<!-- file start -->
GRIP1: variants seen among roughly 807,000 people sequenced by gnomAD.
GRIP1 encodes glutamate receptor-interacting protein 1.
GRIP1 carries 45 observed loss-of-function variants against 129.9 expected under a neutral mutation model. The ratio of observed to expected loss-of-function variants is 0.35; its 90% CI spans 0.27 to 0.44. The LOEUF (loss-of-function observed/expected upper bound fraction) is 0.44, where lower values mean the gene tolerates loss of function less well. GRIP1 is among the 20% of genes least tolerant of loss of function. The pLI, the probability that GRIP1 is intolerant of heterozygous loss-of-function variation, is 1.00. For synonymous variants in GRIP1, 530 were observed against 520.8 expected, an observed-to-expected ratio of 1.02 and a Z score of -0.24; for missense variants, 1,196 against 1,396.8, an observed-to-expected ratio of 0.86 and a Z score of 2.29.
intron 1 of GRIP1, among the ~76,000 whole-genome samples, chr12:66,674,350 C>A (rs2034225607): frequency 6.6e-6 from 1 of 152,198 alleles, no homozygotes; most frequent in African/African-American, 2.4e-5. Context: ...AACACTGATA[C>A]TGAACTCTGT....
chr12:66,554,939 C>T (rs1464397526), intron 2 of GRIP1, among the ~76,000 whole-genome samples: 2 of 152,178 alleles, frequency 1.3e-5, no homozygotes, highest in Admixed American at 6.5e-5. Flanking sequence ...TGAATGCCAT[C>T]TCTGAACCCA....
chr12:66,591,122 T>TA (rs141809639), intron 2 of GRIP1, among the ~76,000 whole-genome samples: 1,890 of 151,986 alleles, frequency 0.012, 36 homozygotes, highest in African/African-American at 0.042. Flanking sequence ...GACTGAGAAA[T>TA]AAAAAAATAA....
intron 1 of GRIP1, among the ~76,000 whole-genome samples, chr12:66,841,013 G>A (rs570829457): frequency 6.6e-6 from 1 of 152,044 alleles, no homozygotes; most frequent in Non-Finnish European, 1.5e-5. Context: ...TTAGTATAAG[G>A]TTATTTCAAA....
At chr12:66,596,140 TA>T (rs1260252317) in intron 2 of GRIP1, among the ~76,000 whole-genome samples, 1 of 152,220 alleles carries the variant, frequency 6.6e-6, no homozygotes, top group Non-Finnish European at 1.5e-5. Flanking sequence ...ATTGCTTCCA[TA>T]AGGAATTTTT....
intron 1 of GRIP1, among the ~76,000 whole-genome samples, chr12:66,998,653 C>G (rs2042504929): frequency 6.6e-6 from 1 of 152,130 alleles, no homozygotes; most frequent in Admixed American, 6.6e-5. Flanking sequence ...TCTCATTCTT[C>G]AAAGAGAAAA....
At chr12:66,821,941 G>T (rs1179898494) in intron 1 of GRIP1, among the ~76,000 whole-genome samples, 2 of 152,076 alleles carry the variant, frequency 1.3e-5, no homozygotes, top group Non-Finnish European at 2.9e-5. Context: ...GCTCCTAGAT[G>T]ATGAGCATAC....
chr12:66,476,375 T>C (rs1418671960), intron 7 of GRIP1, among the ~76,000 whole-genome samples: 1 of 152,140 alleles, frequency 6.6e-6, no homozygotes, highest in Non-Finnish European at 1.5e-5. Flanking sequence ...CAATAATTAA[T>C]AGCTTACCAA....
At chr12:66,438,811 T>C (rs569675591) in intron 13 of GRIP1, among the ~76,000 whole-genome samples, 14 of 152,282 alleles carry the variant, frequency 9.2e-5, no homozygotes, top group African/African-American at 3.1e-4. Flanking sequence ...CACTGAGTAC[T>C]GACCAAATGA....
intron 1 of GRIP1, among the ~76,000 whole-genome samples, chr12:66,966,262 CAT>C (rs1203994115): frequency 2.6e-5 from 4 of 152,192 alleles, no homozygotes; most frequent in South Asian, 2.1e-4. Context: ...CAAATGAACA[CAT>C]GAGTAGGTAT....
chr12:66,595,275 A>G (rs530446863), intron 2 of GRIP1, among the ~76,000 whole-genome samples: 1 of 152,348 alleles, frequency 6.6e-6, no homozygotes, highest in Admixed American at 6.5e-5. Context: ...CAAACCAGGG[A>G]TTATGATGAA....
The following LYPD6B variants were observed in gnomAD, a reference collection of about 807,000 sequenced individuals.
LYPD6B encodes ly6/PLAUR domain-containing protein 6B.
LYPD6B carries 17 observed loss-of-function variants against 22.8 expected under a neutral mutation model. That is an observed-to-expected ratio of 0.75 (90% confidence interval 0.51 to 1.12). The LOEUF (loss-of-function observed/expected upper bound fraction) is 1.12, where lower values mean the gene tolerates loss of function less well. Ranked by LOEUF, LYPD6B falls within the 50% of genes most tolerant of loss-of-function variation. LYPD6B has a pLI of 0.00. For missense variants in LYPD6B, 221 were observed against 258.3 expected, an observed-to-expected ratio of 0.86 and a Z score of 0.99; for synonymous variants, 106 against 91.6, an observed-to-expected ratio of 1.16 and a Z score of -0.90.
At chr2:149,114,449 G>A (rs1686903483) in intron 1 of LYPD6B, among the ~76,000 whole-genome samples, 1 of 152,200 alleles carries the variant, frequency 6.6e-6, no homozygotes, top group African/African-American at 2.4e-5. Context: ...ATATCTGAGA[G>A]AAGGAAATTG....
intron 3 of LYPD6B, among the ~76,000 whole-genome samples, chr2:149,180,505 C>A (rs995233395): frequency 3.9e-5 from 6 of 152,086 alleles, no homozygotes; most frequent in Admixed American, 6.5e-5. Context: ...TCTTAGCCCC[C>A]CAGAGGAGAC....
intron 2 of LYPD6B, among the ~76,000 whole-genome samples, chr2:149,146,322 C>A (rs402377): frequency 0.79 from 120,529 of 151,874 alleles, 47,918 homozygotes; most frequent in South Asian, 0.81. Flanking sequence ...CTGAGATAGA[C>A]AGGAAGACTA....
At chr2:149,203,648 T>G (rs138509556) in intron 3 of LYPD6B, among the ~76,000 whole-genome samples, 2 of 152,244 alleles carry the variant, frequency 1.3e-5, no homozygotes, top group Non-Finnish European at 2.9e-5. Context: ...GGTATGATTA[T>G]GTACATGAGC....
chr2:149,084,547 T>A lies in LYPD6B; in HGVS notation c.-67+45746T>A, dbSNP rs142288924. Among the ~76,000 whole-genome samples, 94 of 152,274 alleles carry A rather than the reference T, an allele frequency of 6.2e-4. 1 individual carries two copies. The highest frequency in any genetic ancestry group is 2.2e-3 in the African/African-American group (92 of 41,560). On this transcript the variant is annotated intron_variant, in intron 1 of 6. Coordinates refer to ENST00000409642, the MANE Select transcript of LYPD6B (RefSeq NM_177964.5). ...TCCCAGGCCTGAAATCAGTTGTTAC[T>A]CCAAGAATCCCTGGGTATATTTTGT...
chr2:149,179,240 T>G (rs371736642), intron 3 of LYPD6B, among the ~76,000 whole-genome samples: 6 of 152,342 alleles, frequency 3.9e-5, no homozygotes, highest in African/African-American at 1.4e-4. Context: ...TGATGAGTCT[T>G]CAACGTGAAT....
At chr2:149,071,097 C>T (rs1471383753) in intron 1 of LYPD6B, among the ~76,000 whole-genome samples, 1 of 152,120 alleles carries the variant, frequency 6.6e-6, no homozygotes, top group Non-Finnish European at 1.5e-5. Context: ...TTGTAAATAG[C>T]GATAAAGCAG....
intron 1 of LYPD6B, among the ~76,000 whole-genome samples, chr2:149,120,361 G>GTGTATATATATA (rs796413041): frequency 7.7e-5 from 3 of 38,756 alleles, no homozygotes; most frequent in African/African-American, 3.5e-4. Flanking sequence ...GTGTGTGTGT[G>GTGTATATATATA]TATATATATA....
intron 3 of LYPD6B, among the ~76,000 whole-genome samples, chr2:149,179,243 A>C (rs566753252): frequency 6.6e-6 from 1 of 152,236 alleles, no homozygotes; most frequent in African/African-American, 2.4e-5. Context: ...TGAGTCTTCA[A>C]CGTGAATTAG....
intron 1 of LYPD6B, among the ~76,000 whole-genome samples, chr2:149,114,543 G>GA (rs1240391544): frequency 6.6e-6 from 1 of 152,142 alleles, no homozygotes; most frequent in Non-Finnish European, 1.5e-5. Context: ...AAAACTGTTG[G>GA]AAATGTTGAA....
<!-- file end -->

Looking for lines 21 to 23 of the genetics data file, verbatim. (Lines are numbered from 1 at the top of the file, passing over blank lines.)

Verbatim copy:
At chr2:149,203,648 T>G (rs138509556) in intron 3 of LYPD6B, among the ~76,000 whole-genome samples, 2 of 152,244 alleles carry the variant, frequency 1.3e-5, no homozygotes, top group Non-Finnish European at 2.9e-5. Context: ...GGTATGATTA[T>G]GTACATGAGC....
chr2:149,084,547 T>A lies in LYPD6B; in HGVS notation c.-67+45746T>A, dbSNP rs142288924. Among the ~76,000 whole-genome samples, 94 of 152,274 alleles carry A rather than the reference T, an allele frequency of 6.2e-4. 1 individual carries two copies. The highest frequency in any genetic ancestry group is 2.2e-3 in the African/African-American group (92 of 41,560). On this transcript the variant is annotated intron_variant, in intron 1 of 6. Coordinates refer to ENST00000409642, the MANE Select transcript of LYPD6B (RefSeq NM_177964.5). ...TCCCAGGCCTGAAATCAGTTGTTAC[T>A]CCAAGAATCCCTGGGTATATTTTGT...
chr2:149,179,240 T>G (rs371736642), intron 3 of LYPD6B, among the ~76,000 whole-genome samples: 6 of 152,342 alleles, frequency 3.9e-5, no homozygotes, highest in African/African-American at 1.4e-4. Context: ...TGATGAGTCT[T>G]CAACGTGAAT....